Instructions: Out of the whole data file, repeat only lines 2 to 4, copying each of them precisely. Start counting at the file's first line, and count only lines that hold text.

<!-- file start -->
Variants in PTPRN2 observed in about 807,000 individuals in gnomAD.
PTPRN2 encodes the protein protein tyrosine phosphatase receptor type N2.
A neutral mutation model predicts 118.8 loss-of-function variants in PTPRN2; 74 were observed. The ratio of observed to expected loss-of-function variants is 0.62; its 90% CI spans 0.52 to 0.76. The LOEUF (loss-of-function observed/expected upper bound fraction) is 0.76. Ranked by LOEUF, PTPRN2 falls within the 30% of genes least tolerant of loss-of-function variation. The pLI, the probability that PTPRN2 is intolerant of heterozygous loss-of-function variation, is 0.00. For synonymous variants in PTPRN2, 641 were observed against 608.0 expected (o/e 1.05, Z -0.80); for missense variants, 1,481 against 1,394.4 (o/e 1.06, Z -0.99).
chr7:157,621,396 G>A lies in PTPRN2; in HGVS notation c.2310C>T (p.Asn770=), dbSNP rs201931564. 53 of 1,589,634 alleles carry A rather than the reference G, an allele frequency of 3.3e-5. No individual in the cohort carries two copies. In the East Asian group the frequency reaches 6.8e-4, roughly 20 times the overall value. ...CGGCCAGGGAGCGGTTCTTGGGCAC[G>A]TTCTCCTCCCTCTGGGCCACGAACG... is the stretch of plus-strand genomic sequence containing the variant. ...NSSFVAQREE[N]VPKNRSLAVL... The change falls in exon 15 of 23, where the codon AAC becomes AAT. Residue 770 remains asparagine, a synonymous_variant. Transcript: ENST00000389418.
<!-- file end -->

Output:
PTPRN2 encodes the protein protein tyrosine phosphatase receptor type N2.
A neutral mutation model predicts 118.8 loss-of-function variants in PTPRN2; 74 were observed. The ratio of observed to expected loss-of-function variants is 0.62; its 90% CI spans 0.52 to 0.76. The LOEUF (loss-of-function observed/expected upper bound fraction) is 0.76. Ranked by LOEUF, PTPRN2 falls within the 30% of genes least tolerant of loss-of-function variation. The pLI, the probability that PTPRN2 is intolerant of heterozygous loss-of-function variation, is 0.00. For synonymous variants in PTPRN2, 641 were observed against 608.0 expected (o/e 1.05, Z -0.80); for missense variants, 1,481 against 1,394.4 (o/e 1.06, Z -0.99).
chr7:157,621,396 G>A lies in PTPRN2; in HGVS notation c.2310C>T (p.Asn770=), dbSNP rs201931564. 53 of 1,589,634 alleles carry A rather than the reference G, an allele frequency of 3.3e-5. No individual in the cohort carries two copies. In the East Asian group the frequency reaches 6.8e-4, roughly 20 times the overall value. ...CGGCCAGGGAGCGGTTCTTGGGCAC[G>A]TTCTCCTCCCTCTGGGCCACGAACG... is the stretch of plus-strand genomic sequence containing the variant. ...NSSFVAQREE[N]VPKNRSLAVL... The change falls in exon 15 of 23, where the codon AAC becomes AAT. Residue 770 remains asparagine, a synonymous_variant. Transcript: ENST00000389418.